This is the first time that a state not directly affected by an alleged genocide has brought such a case to the Court.

The ICJ’s jurisdiction over the case would arise because both The Gambia and Myanmar are parties to the Genocide Convention. The Convention specifies that “disputes” between the parties “shall be submitted to the International Court of Justice at the request of any of the parties to the dispute”. The Statute of the ICJ provides the ICJ with jurisdiction that arises from treaties, including the Genocide Convention.

This is the first time that a state not directly affected by an alleged genocide has brought such a case to the ICJ. However, “disputes” subject to ICJ jurisdiction under the Genocide Convention are those “relating to the interpretation, application or fulfilment” of the Convention, “including those relating to the responsibility of a State for genocide”, which the Gambia’s application appears to meet. Myanmar can be expected to oppose the application, but its level of engagement with the process remains unclear. It has so far chosen not to participate in the International Criminal Court proceedings, but the ICJ may be different.

The Gambia has asked the ICJ to find Myanmar in breach of the Convention, declare that Myanmar must cease its violations, and ensure that perpetrators are prosecuted. It also requests the ICJ to instruct Myanmar to perform “obligations of reparation”, based on the Convention’s obligation to prevent genocide, and offer guarantees that crimes will not be repeated. The ICJ is therefore asked to support survivors’ safe return and human rights, rather than to direct reparations to the applicant, The Gambia. In the meantime, The Gambia is also asking the ICJ to indicate provisional measures to protect and preserve the rights of the Rohingya group under the Genocide Convention.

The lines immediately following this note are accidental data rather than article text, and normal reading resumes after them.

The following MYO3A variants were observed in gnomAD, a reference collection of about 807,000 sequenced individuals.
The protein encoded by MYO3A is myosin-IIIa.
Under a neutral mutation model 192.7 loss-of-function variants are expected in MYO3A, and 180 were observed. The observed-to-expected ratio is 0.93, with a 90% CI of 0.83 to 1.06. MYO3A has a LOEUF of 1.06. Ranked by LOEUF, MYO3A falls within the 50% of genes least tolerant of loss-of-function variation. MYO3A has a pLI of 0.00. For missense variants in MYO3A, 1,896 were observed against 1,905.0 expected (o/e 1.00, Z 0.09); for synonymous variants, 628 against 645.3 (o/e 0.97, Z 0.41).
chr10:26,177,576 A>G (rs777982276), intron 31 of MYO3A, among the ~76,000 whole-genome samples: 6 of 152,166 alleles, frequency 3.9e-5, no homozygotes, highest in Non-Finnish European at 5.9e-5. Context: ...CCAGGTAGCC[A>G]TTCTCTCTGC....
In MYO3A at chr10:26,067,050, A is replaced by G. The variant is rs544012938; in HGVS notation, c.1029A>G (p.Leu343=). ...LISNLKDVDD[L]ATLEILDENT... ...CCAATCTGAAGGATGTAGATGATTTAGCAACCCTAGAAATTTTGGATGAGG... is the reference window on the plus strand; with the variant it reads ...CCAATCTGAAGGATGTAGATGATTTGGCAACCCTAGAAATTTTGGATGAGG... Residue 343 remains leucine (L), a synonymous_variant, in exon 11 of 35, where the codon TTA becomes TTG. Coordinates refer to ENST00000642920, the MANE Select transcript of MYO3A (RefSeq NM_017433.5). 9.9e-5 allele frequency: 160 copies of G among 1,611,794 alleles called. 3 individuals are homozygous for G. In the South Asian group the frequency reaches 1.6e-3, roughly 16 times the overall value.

Apart from the ICJ and International Criminal Court cases, other states might also pursue prosecutions where able, drawing on the work of the IIMM. A criminal complaint was filed concerning crimes against humanity and genocide in Argentina this week. Some might express their support for the ICJ case – as Canada has done, though with the Security Council split on the issue, and the OIC support for The Gambia, those decisions will be political.

The Myanmar government, China, and others have argued that longer-term development projects might be the best response to what is framed as terrorist-related and inter-communal violence fuelled by poverty. However, UN actors have reiterated that states and corporations should disengage from Myanmar’s military and military-controlled enterprises and retain targeted sanctions and arms embargoes. Investors are warned to exercise careful due diligence when investing in infrastructure and other enterprise – particularly in areas where members of the Rohingya have been displaced. The ICJ case will consider Myanmar’s obligation to prevent genocide, but whether and how it considers socio-economic considerations remains to be seen.

The ICJ application recognises calls by victims and survivors to address their allegations of genocide against the Rohingya. Domestic proceedings are now emerging. The ICC has authorised an investigation. The UN Security Council may be unwilling to act, but other international law mechanisms are responding, if slowly and partially.


* This article was updated 15 November to reflect developments following publication.